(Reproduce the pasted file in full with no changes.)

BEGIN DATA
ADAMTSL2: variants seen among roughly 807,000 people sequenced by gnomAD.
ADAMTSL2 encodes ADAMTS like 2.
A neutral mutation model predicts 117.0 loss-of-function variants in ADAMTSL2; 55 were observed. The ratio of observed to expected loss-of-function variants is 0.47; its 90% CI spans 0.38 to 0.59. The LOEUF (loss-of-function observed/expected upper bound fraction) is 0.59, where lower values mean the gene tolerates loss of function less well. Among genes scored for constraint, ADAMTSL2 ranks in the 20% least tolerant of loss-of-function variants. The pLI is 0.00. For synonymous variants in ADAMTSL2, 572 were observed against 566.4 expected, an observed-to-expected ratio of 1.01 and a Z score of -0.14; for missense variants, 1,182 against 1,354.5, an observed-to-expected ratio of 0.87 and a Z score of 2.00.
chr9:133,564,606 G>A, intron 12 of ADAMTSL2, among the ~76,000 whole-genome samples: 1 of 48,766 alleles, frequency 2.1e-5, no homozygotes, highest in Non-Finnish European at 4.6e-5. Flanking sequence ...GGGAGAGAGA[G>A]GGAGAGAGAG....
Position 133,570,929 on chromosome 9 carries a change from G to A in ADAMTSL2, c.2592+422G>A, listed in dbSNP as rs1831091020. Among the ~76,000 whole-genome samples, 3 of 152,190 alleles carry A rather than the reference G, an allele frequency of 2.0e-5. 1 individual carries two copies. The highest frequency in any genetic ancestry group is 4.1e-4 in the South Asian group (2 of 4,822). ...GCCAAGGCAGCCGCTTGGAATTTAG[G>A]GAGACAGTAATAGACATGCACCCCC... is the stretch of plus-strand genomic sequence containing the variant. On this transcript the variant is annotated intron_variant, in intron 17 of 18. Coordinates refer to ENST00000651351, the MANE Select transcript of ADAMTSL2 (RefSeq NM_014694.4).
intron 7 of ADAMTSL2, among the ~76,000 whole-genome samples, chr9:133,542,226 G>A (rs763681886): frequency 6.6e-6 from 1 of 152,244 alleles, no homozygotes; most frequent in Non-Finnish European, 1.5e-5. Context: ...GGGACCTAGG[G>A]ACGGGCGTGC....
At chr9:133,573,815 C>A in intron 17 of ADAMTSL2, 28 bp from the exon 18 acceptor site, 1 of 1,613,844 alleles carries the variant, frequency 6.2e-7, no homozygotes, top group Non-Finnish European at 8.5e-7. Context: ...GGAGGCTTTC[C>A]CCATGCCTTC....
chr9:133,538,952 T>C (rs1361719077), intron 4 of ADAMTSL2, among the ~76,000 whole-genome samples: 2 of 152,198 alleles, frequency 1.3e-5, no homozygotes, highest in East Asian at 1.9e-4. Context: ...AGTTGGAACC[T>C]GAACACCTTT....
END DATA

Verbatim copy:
ADAMTSL2: variants seen among roughly 807,000 people sequenced by gnomAD.
ADAMTSL2 encodes ADAMTS like 2.
A neutral mutation model predicts 117.0 loss-of-function variants in ADAMTSL2; 55 were observed. The ratio of observed to expected loss-of-function variants is 0.47; its 90% CI spans 0.38 to 0.59. The LOEUF (loss-of-function observed/expected upper bound fraction) is 0.59, where lower values mean the gene tolerates loss of function less well. Among genes scored for constraint, ADAMTSL2 ranks in the 20% least tolerant of loss-of-function variants. The pLI is 0.00. For synonymous variants in ADAMTSL2, 572 were observed against 566.4 expected, an observed-to-expected ratio of 1.01 and a Z score of -0.14; for missense variants, 1,182 against 1,354.5, an observed-to-expected ratio of 0.87 and a Z score of 2.00.
chr9:133,564,606 G>A, intron 12 of ADAMTSL2, among the ~76,000 whole-genome samples: 1 of 48,766 alleles, frequency 2.1e-5, no homozygotes, highest in Non-Finnish European at 4.6e-5. Flanking sequence ...GGGAGAGAGA[G>A]GGAGAGAGAG....
Position 133,570,929 on chromosome 9 carries a change from G to A in ADAMTSL2, c.2592+422G>A, listed in dbSNP as rs1831091020. Among the ~76,000 whole-genome samples, 3 of 152,190 alleles carry A rather than the reference G, an allele frequency of 2.0e-5. 1 individual carries two copies. The highest frequency in any genetic ancestry group is 4.1e-4 in the South Asian group (2 of 4,822). ...GCCAAGGCAGCCGCTTGGAATTTAG[G>A]GAGACAGTAATAGACATGCACCCCC... is the stretch of plus-strand genomic sequence containing the variant. On this transcript the variant is annotated intron_variant, in intron 17 of 18. Coordinates refer to ENST00000651351, the MANE Select transcript of ADAMTSL2 (RefSeq NM_014694.4).
intron 7 of ADAMTSL2, among the ~76,000 whole-genome samples, chr9:133,542,226 G>A (rs763681886): frequency 6.6e-6 from 1 of 152,244 alleles, no homozygotes; most frequent in Non-Finnish European, 1.5e-5. Context: ...GGGACCTAGG[G>A]ACGGGCGTGC....
At chr9:133,573,815 C>A in intron 17 of ADAMTSL2, 28 bp from the exon 18 acceptor site, 1 of 1,613,844 alleles carries the variant, frequency 6.2e-7, no homozygotes, top group Non-Finnish European at 8.5e-7. Context: ...GGAGGCTTTC[C>A]CCATGCCTTC....
chr9:133,538,952 T>C (rs1361719077), intron 4 of ADAMTSL2, among the ~76,000 whole-genome samples: 2 of 152,198 alleles, frequency 1.3e-5, no homozygotes, highest in East Asian at 1.9e-4. Context: ...AGTTGGAACC[T>C]GAACACCTTT....